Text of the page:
Recently, the EUSFTA gained importance because it became the first European FTA—following the Lisbon Treaty—to be subject to a decision by the Court of Justice of the European Union (ECJ or “Court”) on the competencies of the EU to sign and conclude the envisaged agreement of its own accord (i.e., without individual EU member state ratification). The European Commission put the question to the Court and contended that the EU was so competent. The European Council and the governments of the member states submitted observations to the Court contending otherwise, i.e., that certain provisions of the EUSFTA fell within the shared competence of the EU and its member states or within the exclusive competence of the member states. If the Court ruled that the EU possessed the requisite competence, the EUSFTA could be concluded solely by the European Council with the consent of the European Parliament. If the Court ruled that the EU did not possess the requisite competence, the EUSFTA would require additional ratification by the EU member states according to each state’s national procedures.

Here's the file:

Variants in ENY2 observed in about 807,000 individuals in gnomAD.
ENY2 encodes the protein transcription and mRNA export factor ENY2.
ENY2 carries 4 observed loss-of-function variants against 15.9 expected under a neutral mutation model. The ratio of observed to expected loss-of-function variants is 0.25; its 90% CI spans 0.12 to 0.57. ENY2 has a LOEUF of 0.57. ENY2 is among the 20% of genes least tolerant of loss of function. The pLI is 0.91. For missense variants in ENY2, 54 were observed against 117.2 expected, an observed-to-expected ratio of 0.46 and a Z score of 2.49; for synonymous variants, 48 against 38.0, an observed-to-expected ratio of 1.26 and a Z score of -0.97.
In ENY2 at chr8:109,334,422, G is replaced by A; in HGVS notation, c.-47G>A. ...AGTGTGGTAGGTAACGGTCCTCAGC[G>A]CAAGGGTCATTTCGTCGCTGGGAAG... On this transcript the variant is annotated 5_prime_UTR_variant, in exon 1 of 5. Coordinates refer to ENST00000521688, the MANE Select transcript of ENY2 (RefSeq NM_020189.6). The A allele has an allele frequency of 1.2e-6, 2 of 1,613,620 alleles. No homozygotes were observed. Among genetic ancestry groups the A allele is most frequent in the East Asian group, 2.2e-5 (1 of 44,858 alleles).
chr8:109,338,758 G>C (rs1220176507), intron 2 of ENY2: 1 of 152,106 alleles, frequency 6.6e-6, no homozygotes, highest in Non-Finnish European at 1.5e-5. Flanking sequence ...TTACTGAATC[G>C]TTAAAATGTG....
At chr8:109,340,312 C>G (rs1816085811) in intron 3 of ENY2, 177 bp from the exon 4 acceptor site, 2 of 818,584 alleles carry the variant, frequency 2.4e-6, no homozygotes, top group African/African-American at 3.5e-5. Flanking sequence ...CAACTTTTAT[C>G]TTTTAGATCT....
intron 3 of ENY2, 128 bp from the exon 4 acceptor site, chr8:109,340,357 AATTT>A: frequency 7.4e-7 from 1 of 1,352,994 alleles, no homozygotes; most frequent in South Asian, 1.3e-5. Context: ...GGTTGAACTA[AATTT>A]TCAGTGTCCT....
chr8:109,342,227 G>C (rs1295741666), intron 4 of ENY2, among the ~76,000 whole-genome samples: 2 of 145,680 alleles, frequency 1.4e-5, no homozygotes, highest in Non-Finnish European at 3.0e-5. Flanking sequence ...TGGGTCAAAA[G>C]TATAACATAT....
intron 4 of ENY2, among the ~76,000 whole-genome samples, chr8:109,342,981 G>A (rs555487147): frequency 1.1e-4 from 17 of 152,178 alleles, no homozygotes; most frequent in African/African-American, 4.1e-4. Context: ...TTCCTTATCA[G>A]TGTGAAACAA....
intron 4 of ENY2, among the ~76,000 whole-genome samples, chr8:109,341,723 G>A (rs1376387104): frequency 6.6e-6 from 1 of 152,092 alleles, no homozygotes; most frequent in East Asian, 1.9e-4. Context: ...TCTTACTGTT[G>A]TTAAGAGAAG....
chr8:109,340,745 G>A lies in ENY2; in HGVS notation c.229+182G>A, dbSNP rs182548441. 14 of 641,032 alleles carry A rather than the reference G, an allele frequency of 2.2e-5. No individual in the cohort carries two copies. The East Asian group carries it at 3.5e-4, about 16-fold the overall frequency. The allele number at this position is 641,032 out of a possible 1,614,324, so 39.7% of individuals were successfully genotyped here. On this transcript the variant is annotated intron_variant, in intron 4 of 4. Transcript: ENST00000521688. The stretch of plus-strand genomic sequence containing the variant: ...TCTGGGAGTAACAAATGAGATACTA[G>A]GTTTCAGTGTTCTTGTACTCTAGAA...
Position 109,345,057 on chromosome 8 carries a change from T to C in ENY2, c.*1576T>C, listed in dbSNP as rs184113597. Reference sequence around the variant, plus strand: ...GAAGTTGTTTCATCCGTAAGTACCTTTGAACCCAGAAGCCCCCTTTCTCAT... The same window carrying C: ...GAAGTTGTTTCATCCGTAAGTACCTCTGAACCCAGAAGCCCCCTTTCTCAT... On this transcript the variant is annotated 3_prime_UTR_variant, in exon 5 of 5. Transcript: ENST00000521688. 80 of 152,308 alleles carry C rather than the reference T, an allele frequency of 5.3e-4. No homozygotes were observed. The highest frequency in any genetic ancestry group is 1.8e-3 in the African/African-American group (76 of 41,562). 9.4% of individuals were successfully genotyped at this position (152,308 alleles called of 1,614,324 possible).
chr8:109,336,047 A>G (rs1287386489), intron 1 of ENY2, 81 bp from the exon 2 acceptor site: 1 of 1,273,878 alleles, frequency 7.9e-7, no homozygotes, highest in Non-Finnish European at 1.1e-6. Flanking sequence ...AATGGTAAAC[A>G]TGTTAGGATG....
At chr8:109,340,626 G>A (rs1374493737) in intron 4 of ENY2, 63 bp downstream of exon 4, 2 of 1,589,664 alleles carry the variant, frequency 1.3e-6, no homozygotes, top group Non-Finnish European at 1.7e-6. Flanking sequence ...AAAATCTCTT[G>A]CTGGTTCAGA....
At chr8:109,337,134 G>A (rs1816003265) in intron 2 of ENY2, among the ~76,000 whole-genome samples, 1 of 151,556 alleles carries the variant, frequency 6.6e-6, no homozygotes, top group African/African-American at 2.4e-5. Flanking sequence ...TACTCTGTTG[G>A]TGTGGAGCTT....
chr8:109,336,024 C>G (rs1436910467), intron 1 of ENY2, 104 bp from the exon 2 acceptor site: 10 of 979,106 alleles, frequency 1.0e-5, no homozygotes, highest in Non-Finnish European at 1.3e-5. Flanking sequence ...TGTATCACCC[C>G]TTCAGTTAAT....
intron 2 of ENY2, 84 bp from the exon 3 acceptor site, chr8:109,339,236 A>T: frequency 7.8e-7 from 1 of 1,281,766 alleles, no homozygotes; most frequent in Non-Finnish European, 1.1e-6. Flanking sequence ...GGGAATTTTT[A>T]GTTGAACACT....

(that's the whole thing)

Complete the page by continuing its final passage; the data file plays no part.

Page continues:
The answer to the question put to the Court depended on whether the matters under the EUSFTA were all covered by the EU’s “Common Commercial Policy”—an instrument conferring exclusive competence on the Council—or were matters upon which the EU shared competence with its member states.